and I prefer it to be (I had it set in my last installation). So, now I'm
    running with the timezone set to "America/New_York" -- set by the tzselect
    command in root, and, temporarily, no ntp.

    Here's what I find at the moment, in my experimentation...

    The hwclock is actually NOT set forward! It's just cron and
    sendmail, but it does NOT appear to be the system's time!

    Here are a few commands, taken directly from my root window:

    [root@barrycon /root]# hwclock --local
    Tue 30 Sep 2003 03:35:59 PM EDT 0.354882 seconds
    [root@barrycon /root]# hwclock --utc
    Tue 30 Sep 2003 11:36:01 AM EDT 0.667217 seconds
    [root@barrycon /root]# date ; date -u
    Tue Sep 30 15:35:26 EDT 2003
    Tue Sep 30 19:35:26 UTC 2003

    The hwclock --local displayed the correct local time. It IS not
    incorrect! (At least, not horribly off. It's already off a few seconds,
    but certainly not nine hours!) :-O :-)

    The hwclock --utc is... "interesting." The eastern time zone is four
    hours BEHIND GMT when we're in daylight savings time, as we are now until
    the last Sunday of October. (It's FIVE hours behind GMT when we're in
    standard, as opposed to daylight savings, time.) But, it shows UTC as
    four hours earlier than GMT!

    Yet, you'll see the next command "date ; date -u" I issue. The date
    command shows the time in my time zone (and it's EDT -- correct) and the
    date -u shows the UTC time. THIS IS 100% CORRECT! It shows my local time
    as EDT (Eastern Daylight Time), and it shows it four hours BEHIND UTC, as
    it should be.

    The hwclock command showed EDT in both cases, even though it showed
    four hours (but EARLIER instead of LATER) for GMT/UTC. I'll read through
    man pages (again, I certainly have been!) and see if I can see some time
    zone setting that is different for hwclock than the rest of the system
    time/date commands! :-/

    Does this prompt any new ideas from you?

    > I had a problem with ntp that was more bother than problem,
    >but seemed to point toward another ntp program running somehow.
    >Upgraded to latest version and it went away. Of course, it is
    >possible that a clean-up of some cron jobs might have solved that,
    >too.


    At home, there are only two people who use my systems, and it's just
    me and my mother. And, while there are a few cron jobs for my mother, I
    have set them up. She doesn't do that! :-) So, I am extremely familiar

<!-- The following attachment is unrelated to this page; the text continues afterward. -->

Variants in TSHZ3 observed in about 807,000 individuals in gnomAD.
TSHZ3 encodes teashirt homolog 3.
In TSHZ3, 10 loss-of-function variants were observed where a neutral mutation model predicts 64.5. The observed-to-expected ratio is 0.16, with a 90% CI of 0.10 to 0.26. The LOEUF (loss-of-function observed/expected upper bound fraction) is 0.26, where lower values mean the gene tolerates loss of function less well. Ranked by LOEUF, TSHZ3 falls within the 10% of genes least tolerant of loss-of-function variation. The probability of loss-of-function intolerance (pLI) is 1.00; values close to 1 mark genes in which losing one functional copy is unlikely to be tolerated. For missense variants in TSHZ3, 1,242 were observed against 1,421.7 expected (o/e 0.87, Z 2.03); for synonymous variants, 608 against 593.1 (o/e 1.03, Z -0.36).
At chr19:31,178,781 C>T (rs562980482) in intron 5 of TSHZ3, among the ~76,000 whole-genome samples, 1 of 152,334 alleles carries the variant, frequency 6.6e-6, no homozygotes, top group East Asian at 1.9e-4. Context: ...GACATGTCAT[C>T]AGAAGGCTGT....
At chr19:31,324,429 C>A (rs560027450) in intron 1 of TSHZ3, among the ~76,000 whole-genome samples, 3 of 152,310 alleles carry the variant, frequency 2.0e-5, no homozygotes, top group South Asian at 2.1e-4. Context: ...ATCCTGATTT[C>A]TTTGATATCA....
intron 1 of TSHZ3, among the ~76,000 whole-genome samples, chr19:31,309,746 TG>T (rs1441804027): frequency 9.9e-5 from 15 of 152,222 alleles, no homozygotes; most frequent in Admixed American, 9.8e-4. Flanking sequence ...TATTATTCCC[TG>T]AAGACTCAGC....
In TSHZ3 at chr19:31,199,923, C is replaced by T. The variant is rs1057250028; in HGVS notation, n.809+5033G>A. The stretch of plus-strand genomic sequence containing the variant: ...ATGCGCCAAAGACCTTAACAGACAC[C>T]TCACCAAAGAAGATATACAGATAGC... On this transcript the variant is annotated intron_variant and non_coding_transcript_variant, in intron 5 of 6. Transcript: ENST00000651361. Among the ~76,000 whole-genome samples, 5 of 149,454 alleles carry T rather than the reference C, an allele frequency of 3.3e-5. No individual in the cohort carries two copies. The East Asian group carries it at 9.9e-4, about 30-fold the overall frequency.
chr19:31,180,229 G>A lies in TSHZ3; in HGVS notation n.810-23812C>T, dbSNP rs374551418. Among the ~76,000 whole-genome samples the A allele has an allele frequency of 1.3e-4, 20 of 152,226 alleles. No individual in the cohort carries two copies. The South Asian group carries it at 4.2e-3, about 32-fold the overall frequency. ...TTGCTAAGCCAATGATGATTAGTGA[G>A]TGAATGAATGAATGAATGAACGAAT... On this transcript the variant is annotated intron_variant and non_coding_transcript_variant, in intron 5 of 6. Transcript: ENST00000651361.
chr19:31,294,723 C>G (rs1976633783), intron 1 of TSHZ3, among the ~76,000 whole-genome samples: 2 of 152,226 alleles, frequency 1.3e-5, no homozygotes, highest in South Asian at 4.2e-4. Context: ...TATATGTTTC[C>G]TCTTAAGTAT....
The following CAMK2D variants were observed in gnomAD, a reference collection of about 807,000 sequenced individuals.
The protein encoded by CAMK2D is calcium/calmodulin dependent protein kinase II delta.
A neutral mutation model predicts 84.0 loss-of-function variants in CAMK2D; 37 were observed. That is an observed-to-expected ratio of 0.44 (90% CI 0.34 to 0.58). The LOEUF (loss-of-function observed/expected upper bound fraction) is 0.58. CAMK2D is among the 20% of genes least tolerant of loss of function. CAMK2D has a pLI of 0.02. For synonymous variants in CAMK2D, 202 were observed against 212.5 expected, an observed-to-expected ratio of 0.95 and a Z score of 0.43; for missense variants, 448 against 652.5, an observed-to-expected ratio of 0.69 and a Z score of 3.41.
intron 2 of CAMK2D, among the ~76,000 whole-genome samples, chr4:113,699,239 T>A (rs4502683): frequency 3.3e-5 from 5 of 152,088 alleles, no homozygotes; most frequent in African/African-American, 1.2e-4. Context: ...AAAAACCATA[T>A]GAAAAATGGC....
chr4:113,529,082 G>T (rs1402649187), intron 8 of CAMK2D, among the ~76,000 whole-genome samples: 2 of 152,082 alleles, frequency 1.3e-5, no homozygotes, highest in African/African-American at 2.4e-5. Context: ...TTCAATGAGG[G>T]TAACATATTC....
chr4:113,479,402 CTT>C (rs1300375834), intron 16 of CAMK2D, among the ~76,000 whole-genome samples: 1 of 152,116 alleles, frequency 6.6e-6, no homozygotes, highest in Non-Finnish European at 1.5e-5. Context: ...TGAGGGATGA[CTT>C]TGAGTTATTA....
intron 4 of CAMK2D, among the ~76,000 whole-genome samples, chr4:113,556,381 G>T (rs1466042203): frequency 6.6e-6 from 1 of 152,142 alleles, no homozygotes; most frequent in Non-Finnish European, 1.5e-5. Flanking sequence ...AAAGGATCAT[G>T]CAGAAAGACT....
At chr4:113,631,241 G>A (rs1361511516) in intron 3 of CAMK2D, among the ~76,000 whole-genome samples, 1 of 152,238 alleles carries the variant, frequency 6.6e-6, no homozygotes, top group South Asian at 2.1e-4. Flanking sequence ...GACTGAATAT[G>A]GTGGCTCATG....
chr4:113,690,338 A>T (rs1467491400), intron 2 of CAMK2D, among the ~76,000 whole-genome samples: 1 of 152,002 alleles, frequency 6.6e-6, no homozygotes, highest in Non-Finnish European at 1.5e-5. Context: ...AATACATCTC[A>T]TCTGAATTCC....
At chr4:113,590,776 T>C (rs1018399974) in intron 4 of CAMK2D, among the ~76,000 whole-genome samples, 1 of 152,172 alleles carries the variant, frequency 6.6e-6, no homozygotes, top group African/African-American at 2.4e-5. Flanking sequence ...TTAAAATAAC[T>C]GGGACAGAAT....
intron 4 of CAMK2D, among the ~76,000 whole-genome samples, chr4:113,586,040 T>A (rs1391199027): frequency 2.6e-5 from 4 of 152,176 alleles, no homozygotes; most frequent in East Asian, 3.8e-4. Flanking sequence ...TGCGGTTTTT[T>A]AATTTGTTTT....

with all my cron jobs. I set up all of them! :-) All the jobs that run
    in barry are basically just reminders for placing certain things in my
    Financial Management System software that are paid the same date each
    month, etc. Just basic shell scripts of commands. All that run in root
    except for one (GC1000_Update) just run things that should be run from
    root, such as an automatic backup (using BRU) every Saturday morning,
    going to my weather station a few minutes after midnight each day to get
    "yesterday's" record weather data for storing in a file, etc. (Which, by
    the way, makes the time on the weather station nine hours ahead, because
    the program sets the weather station's time after it reads a complete
    record, because the weather station loses time significantly as it prints
    a complete record to the serial port.) The GC1000_Update is a daemon that
    I wrote myself, which runs at 5:02 and 17:02 (5:02 AM and PM, or twice a
    day) and sets the Linux system time to the atomic clock monitor, which is
    connected to a serial port.

    There have been no changes in crontabs, and I've been running the
    GC1000 since 1999 with not a problem. From what I am thinking of or
    realizing at the moment, I just don't see how any of these are a problem.

    Thank you again for your help, Joe! If you have any other ideas, I'm
    open to them! :-)

    Barry
    --
    Barry L. Bond
    bbond@cfl.rr.com <- personal
    72235,1530 (CIS) <- personal

  7. Re: Cron running nine hours ahead, hwclock being set somehow?

    In article <3f795a69$0$10778$afc38c87@news.easynet.co.uk>, wrote:

    Hi Jonathan!

    I very much appreciate your trying to help me. Two (or more) heads
    are better than one! :-)

    >Is by any chance America/New_York 9 hours out from GMT ? Maybe that is where
    >your problem is. Some Linux programs assume your clock is set to GMT &
    >calculates the local time. Some OSs assume its local time. Most of the Linux
    >programs I have looked at have some setting to let you use the clock as
    >local time & not calculate. I think when the pc runs the hw clock is ignored
    >& the kernel keeps time via regular interrupts. When you power down the pc
    >the hw clock is updated though this may happen at other possibly scheduled
    >intervals. Try setting the time using whatever command it is (cant remember
    >& I work in an AS/400 & Windows place). That should set the hw clock to be 9
    >hours ahead of local time & local time to be true or hw clock to be the same
    >depending on the options you take. Make sure this matches whatever the RH